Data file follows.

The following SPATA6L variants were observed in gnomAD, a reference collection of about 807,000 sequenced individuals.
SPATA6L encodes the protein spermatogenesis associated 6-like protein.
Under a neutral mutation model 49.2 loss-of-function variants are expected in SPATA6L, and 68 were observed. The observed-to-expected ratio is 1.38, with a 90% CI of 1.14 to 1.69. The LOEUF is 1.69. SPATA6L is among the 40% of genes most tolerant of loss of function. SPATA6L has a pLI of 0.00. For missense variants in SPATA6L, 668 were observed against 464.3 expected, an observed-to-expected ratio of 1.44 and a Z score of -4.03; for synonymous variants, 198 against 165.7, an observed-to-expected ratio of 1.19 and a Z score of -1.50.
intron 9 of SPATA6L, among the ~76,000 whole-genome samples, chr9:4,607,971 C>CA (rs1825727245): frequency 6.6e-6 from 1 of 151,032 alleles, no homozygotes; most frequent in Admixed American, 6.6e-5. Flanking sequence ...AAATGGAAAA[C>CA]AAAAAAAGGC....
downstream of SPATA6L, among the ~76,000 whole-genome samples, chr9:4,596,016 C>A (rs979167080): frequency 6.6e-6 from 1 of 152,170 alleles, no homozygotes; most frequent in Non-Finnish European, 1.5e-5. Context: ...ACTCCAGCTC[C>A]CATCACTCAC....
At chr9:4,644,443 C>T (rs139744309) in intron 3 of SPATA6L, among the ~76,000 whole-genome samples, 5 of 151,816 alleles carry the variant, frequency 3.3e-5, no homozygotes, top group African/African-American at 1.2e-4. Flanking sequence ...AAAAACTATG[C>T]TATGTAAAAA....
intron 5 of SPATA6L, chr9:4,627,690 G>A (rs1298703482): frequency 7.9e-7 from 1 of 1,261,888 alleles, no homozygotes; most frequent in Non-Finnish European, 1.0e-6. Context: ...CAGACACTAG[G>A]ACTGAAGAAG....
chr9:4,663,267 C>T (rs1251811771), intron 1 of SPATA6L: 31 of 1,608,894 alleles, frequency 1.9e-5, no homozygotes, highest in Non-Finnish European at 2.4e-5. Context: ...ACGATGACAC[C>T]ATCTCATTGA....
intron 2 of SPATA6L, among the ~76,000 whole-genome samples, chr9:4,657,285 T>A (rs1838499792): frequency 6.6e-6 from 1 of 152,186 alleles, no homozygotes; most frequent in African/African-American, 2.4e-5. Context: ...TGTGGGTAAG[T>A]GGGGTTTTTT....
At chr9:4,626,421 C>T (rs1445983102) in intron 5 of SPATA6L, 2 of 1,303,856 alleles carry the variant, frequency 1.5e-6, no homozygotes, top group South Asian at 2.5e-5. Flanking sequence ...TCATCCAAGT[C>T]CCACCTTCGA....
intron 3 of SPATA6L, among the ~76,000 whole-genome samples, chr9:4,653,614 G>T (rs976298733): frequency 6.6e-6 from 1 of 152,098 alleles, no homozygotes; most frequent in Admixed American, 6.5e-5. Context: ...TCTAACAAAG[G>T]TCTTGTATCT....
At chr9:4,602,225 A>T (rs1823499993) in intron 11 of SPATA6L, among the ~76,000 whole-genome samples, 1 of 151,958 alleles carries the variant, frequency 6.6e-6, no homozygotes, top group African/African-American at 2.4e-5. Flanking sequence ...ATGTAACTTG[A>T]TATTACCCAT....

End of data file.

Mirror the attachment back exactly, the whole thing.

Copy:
The following SPATA6L variants were observed in gnomAD, a reference collection of about 807,000 sequenced individuals.
SPATA6L encodes the protein spermatogenesis associated 6-like protein.
Under a neutral mutation model 49.2 loss-of-function variants are expected in SPATA6L, and 68 were observed. The observed-to-expected ratio is 1.38, with a 90% CI of 1.14 to 1.69. The LOEUF is 1.69. SPATA6L is among the 40% of genes most tolerant of loss of function. SPATA6L has a pLI of 0.00. For missense variants in SPATA6L, 668 were observed against 464.3 expected, an observed-to-expected ratio of 1.44 and a Z score of -4.03; for synonymous variants, 198 against 165.7, an observed-to-expected ratio of 1.19 and a Z score of -1.50.
intron 9 of SPATA6L, among the ~76,000 whole-genome samples, chr9:4,607,971 C>CA (rs1825727245): frequency 6.6e-6 from 1 of 151,032 alleles, no homozygotes; most frequent in Admixed American, 6.6e-5. Flanking sequence ...AAATGGAAAA[C>CA]AAAAAAAGGC....
downstream of SPATA6L, among the ~76,000 whole-genome samples, chr9:4,596,016 C>A (rs979167080): frequency 6.6e-6 from 1 of 152,170 alleles, no homozygotes; most frequent in Non-Finnish European, 1.5e-5. Context: ...ACTCCAGCTC[C>A]CATCACTCAC....
At chr9:4,644,443 C>T (rs139744309) in intron 3 of SPATA6L, among the ~76,000 whole-genome samples, 5 of 151,816 alleles carry the variant, frequency 3.3e-5, no homozygotes, top group African/African-American at 1.2e-4. Flanking sequence ...AAAAACTATG[C>T]TATGTAAAAA....
intron 5 of SPATA6L, chr9:4,627,690 G>A (rs1298703482): frequency 7.9e-7 from 1 of 1,261,888 alleles, no homozygotes; most frequent in Non-Finnish European, 1.0e-6. Context: ...CAGACACTAG[G>A]ACTGAAGAAG....
chr9:4,663,267 C>T (rs1251811771), intron 1 of SPATA6L: 31 of 1,608,894 alleles, frequency 1.9e-5, no homozygotes, highest in Non-Finnish European at 2.4e-5. Context: ...ACGATGACAC[C>T]ATCTCATTGA....
intron 2 of SPATA6L, among the ~76,000 whole-genome samples, chr9:4,657,285 T>A (rs1838499792): frequency 6.6e-6 from 1 of 152,186 alleles, no homozygotes; most frequent in African/African-American, 2.4e-5. Context: ...TGTGGGTAAG[T>A]GGGGTTTTTT....
At chr9:4,626,421 C>T (rs1445983102) in intron 5 of SPATA6L, 2 of 1,303,856 alleles carry the variant, frequency 1.5e-6, no homozygotes, top group South Asian at 2.5e-5. Flanking sequence ...TCATCCAAGT[C>T]CCACCTTCGA....
intron 3 of SPATA6L, among the ~76,000 whole-genome samples, chr9:4,653,614 G>T (rs976298733): frequency 6.6e-6 from 1 of 152,098 alleles, no homozygotes; most frequent in Admixed American, 6.5e-5. Context: ...TCTAACAAAG[G>T]TCTTGTATCT....
At chr9:4,602,225 A>T (rs1823499993) in intron 11 of SPATA6L, among the ~76,000 whole-genome samples, 1 of 151,958 alleles carries the variant, frequency 6.6e-6, no homozygotes, top group African/African-American at 2.4e-5. Flanking sequence ...ATGTAACTTG[A>T]TATTACCCAT....